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The Soundtrack of Our (Cartoon) Lives

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A cartoon can be engaging and funny and tell a story without any audible sound at all; even newspaper cartoons of the 20th century featured characters such as Ferd’nand and The Little King, (external links) who went through their paces, frame-by-frame, with little or no dialogue to move the story along.

But sometimes, more is more, as Walt Disney found out after he created Mickey Mouse  in the late 1920s and had trouble finding a home for Mickey’s first two cartoons (“Plane Crazy” and “The Gallopin’ Gaucho”), which were silent, before scoring a solid hit with the musical talkie “Steamboat Willie.” 

“You can run any of these pictures and they’d be dragging and boring, but the minute you put music behind then, they have life and vitality they don’t get in any other way,” Disney once said.

The Library of Congress today opens “Molto Animato!” an exhibition celebrating the winning combo of animation and music, in its Music Division Performing Arts Reading Room in the James Madison Building (101 Independence Ave., S.E., Room LM113, Washington, D.C.) The exhibition will be on view through next March 28 and will be open from 8:30 a.m. – 5 p.m. Monday through Friday.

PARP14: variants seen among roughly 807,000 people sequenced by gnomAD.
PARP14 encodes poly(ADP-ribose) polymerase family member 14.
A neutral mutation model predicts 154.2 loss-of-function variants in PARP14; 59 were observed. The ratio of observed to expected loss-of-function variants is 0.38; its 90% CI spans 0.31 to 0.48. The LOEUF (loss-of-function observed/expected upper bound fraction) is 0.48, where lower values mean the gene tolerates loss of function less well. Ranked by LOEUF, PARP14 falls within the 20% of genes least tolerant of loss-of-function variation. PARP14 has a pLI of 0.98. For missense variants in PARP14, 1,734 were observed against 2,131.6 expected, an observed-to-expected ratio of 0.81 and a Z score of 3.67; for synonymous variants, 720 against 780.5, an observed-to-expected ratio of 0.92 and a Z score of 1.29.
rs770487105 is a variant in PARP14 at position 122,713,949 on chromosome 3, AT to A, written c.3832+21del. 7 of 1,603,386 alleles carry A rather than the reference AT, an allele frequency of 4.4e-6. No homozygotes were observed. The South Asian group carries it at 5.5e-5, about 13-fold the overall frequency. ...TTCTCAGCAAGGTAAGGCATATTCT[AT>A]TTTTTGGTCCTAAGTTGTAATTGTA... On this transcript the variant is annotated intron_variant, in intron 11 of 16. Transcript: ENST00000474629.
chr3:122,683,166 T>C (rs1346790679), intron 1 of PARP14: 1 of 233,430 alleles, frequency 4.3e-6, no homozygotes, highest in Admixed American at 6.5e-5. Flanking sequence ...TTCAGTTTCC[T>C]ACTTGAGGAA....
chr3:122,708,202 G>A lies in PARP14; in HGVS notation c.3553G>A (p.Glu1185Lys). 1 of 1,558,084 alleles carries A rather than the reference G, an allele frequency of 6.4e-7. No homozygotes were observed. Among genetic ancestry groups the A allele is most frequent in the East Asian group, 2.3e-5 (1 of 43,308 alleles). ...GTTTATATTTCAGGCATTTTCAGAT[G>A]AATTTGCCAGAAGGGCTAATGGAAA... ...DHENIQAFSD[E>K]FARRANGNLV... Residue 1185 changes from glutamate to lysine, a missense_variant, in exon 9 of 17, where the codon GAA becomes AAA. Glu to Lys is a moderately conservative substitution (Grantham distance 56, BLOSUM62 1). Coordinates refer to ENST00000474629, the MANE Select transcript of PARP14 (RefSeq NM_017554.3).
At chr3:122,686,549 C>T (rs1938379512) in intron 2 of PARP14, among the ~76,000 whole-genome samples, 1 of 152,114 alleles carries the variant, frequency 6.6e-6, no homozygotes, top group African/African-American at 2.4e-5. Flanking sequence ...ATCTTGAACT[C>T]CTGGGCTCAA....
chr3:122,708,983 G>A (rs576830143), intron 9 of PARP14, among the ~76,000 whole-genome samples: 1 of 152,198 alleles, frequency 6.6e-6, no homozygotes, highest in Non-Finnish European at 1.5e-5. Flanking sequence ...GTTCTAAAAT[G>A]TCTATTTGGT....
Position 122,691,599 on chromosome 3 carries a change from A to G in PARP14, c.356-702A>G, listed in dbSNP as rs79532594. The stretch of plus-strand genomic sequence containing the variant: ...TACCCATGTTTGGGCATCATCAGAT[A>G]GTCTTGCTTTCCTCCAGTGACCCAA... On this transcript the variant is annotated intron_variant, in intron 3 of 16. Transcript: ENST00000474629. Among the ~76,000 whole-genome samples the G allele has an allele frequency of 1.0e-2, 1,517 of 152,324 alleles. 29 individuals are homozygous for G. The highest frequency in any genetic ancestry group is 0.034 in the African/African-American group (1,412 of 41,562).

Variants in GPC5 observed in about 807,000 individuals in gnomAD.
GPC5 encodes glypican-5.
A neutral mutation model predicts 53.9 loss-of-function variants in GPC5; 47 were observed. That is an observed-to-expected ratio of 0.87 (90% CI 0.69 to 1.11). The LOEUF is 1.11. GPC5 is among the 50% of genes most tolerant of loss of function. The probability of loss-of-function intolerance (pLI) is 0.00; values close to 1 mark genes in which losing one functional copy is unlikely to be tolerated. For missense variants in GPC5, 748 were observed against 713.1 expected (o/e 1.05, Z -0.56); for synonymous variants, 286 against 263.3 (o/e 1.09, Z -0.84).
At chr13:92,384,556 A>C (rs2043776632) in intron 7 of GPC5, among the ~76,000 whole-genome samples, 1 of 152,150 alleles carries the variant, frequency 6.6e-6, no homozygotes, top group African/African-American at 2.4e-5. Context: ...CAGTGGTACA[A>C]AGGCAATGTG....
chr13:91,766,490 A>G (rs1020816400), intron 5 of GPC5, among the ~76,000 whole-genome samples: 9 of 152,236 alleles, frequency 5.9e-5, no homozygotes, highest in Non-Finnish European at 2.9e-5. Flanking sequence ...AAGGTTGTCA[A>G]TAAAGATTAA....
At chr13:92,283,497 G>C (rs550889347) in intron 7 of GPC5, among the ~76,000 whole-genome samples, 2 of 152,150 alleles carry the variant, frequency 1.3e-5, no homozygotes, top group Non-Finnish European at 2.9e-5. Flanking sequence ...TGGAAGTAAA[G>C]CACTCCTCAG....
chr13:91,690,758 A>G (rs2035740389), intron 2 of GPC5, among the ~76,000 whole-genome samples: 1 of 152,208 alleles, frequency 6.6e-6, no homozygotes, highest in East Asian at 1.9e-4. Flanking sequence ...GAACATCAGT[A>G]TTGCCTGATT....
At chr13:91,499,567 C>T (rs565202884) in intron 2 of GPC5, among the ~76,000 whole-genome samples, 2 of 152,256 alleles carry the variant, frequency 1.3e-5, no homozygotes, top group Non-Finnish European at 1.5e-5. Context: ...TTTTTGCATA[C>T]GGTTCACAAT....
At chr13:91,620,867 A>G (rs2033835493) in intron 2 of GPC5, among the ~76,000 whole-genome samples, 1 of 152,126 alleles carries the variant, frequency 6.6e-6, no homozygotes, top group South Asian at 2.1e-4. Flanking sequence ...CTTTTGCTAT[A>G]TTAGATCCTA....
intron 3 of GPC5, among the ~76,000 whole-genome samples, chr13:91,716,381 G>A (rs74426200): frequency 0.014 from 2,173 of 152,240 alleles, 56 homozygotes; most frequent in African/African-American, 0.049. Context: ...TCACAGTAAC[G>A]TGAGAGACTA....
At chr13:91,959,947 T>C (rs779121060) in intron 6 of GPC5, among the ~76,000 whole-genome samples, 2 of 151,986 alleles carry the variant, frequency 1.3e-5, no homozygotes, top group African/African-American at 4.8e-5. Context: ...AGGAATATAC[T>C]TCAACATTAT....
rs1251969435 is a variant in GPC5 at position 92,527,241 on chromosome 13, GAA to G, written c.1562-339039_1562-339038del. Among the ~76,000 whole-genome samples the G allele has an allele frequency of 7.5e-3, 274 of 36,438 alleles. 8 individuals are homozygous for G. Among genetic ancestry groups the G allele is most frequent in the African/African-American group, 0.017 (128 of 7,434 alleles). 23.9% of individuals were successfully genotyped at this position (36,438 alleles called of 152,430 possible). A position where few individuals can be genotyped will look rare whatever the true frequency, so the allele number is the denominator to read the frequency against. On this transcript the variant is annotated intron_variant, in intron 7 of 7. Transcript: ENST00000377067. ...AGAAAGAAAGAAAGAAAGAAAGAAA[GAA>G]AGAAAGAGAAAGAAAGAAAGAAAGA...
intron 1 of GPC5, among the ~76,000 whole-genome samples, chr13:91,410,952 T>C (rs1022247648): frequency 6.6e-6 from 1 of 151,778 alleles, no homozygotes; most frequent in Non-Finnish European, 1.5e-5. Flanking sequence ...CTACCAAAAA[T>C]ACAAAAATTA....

Featured items include a pen-and-ink brush drawing of conductor Leopold Stokowski by caricaturist Miguel Covarrubias; the score from “Bambi,” with music by Frank Churchill and Edward Plumb and lyrics by Larry Morey; John Alden Carpenter’s manuscript piano score for “Krazy Kat: A Jazz Pantomime”; and the movie poster for “Walt Disney Pictures Presents Aladdin.”

Also on view will be items from the Library’s Art Wood Collection of Cartoon and Caricature, the David Raksin Collection of film scores (You can view excerpts, including the cartoons, from his scores for “Giddyap” and “The Unicorn in the Garden”) and the Howard Ashman Collection, including the draft script of Disney’s animated film “The Little Mermaid” and audio of Howard Ashman singing Disney movie songs of his own composing.

Let’s face it: sometimes silence is golden, but “Fantasia” wouldn’t have been nearly as fantastic without the power of music.  Here’s Mickey, in “Fantasia,” dressed to enact “The Sorcerer’s Apprentice,” a symphonic poem by composer Paul Dukas.


  1. Pretty cool article – it’s funny how cartoons do actually come to life when you put music (or sound effects) behind them. Fantasia probably the best example, like you said.

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